Lee Hernan

Vocalist Lee Hernan will perform a free Hispanic Heritage Month concert at 7 p.m. Oct. 7 in Legacy Park.

Alejandro Hernandez probably never imagined that Puerto Rican musical traditions he was instilling in his young granddaughter Lee Hernan would someday delight Oklahomans.

The gentleman was a vocalist and guitarist in a trio that included his brother singing close harmony love songs. They played in and around Aguadilla on the island’s northwest tip that’s also often called Jardín del Atlántico (Garden of the Atlantic).

Hernandez recognized the child’s musical gift and cultivated it. Lee Hernan came to Oklahoma from Puerto Rico seven years ago after being recruited for a teaching position in the Oklahoma City Public School system.

Happily, she started a second career here as a vocalist and band leader. Hernan’s quintet will take the stage at 7 p.m. Oct. 7 at the Legacy Park amphitheater stage, 1898 Legacy Park Drive.

It’s a free Hispanic Heritage Month Concert and the finale of the 2022 Legacy Park series.

“I’ve been singing since I was a little girl,” Hernan said. “Some of my family were singers but it was locally, they weren’t famous and it wasn’t their full-time job. But thanks to my grandfather I was involved in the music since I was very little. He discovered my talent and I was passionate about music and singing.”

Hernan enjoyed participating in school and municipal talent shows.

“That’s when I started singing in public from ages 10 to 18,” she said. “At age 16 my grandfather taught me to play guitar. That time was really special for me because it was when I started writing my own songs. I’m a songwriter but most of the time I sing cover songs by other artists.”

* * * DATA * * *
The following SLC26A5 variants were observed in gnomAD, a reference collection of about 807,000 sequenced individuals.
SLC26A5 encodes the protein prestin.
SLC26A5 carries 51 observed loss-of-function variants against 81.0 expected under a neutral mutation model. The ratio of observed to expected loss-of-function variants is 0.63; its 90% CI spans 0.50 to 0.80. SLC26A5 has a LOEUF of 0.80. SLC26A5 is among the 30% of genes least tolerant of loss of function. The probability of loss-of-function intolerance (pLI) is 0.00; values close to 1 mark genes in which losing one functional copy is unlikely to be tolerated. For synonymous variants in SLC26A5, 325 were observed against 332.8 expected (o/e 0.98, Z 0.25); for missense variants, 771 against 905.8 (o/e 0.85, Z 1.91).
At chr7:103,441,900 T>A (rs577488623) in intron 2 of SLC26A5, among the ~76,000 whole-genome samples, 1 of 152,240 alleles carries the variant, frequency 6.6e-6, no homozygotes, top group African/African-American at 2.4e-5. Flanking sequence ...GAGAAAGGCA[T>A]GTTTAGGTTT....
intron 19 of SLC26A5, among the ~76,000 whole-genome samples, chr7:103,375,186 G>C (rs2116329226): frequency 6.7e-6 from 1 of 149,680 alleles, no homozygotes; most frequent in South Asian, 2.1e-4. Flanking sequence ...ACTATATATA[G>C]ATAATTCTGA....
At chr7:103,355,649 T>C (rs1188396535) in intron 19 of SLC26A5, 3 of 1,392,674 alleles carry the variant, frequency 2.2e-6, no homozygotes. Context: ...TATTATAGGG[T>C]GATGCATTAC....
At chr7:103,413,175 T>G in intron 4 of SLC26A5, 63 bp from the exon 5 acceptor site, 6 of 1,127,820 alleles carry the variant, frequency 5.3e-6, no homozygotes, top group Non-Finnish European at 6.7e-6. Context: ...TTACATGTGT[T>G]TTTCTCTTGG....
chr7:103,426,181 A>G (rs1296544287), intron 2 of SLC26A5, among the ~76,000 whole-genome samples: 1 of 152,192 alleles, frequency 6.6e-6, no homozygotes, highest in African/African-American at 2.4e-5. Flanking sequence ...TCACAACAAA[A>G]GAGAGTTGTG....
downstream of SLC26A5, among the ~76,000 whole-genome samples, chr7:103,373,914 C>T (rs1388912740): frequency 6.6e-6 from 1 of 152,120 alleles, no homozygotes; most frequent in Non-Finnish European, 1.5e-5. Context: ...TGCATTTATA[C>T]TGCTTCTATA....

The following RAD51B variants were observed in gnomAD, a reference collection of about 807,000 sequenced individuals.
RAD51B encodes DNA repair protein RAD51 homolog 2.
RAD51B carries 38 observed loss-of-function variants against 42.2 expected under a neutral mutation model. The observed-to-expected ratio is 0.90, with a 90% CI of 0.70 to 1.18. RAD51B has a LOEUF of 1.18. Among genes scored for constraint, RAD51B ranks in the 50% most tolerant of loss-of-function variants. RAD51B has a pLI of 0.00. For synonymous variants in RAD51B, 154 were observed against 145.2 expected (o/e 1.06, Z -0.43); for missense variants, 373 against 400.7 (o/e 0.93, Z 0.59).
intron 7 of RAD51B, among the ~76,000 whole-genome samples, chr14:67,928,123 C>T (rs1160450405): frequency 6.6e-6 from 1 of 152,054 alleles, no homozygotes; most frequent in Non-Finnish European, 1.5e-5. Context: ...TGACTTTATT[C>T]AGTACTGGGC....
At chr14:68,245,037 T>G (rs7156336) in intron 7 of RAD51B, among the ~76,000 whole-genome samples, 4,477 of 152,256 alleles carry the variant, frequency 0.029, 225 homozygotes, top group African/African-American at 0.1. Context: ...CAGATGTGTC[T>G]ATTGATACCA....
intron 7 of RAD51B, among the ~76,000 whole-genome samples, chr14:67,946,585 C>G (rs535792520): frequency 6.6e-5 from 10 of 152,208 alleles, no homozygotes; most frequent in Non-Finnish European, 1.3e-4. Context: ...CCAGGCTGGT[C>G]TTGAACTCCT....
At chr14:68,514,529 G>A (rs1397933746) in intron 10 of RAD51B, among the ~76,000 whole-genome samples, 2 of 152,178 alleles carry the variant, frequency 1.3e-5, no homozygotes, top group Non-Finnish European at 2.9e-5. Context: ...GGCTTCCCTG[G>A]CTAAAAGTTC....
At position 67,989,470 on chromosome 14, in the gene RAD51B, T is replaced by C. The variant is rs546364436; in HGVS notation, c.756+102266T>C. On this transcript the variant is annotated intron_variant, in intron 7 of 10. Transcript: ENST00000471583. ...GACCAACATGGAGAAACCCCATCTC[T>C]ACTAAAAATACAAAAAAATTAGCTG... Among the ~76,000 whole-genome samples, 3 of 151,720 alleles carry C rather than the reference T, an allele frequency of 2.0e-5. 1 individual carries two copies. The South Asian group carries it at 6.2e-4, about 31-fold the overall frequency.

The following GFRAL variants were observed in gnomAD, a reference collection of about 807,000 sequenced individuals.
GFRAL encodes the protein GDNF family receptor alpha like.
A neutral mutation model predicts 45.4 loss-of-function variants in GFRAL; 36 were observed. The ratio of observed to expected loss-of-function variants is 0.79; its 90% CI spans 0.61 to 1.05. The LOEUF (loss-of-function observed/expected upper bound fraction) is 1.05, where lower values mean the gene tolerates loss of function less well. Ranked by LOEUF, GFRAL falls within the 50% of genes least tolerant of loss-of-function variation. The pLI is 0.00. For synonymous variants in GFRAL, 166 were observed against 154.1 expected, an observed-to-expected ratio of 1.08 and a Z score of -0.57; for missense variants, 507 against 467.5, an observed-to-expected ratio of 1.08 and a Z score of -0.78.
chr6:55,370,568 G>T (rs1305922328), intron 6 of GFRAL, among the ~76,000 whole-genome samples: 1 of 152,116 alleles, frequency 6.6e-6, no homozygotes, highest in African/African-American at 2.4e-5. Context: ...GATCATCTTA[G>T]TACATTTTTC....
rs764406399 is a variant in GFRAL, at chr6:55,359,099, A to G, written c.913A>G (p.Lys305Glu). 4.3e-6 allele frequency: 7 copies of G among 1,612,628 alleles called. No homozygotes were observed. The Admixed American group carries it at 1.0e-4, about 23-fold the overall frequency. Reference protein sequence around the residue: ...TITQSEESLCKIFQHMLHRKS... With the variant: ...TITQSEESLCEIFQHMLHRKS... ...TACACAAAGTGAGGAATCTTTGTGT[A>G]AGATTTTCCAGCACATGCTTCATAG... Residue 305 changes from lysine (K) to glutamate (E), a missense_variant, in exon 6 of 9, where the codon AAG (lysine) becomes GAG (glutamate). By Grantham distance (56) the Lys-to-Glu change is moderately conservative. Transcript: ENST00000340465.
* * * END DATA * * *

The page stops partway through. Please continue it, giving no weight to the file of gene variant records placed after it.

Hernan holds a Bachelor Degree in Education and has taught Spanish and English languages at the pre-kindergarten and kindergarten level here. Presently she is teaching English as a second language.

She works with small groups of students unfamiliar with English.

“In Puerto Rico I had different bands,” Hernan said. “At 18 I played with a rock band, singing in Spanish and English. I did that right up until I moved to Oklahoma City. We played rock, pop, some tropical music and electronica.”

Hernan arrived on red dirt with no plans for singing because she knew no musicians and was unfamiliar with the local music scene.

“I didn’t know there was a big population of Hispanic people here,” she said. “But the drummer of my first Oklahoma band called Tequila Azul contacted me after someone saw me singing at a Puerto Rican event for the new teachers who arrived here.

“I was singing karaoke and he called me and asked me to join the band after seeing some videos. He liked my performance and that was the first time I started singing with a full band in Oklahoma City.”

For a time she played Plaza Mayor shows on Sunday afternoons with Tequila Azul. Now Hernan has her own band with original and cover music posted at Spotify, Youtube and iTunes.

She has powerful pipes and entrancing stage presence. Hernan’s Legacy Park show will include a smorgasbord of Latin music including reggaeton, pop rock and Cumbia.

“I write love songs in Spanish and especially about melancholy women who suffer a lot in love,” she said. “Another called ‘Bravo’ is about my passion for music and how I love to connect with my audience.”

Hernan’s challenges as a band leader are numerous. She books gigs and makes professional contacts after teaching all day.

“I want to perform out of state and finding venues can be difficult,” she said.

Hernan’s role as an educator includes enlightening friends and family in Puerto Rico about her life on the southern plains.

“Most of what people know about Oklahoma is from the movie Twister,” she said with a chuckle. “Also the Oklahoma City Thunder basketball team. The music here is different. Country and pop-rock music are strong here.

“For the Hispanic area it would be traditional Mexican music, like Banda and Cumbia are most popular here. It’s good to know other genres, I want to add country to my repertoire in the future because it has a special sound.”

Hernan’s receptivity to other influences has not diminished her primary artistic inspiration that began in the mountains of Puerto Rico.

“That comes from my family,” she said. “It’s a gift that comes from heritage. It’s something I’ve felt since birth. It was and still is my dream to travel around the world like Shakira. Music unites people and it’s special for me.”

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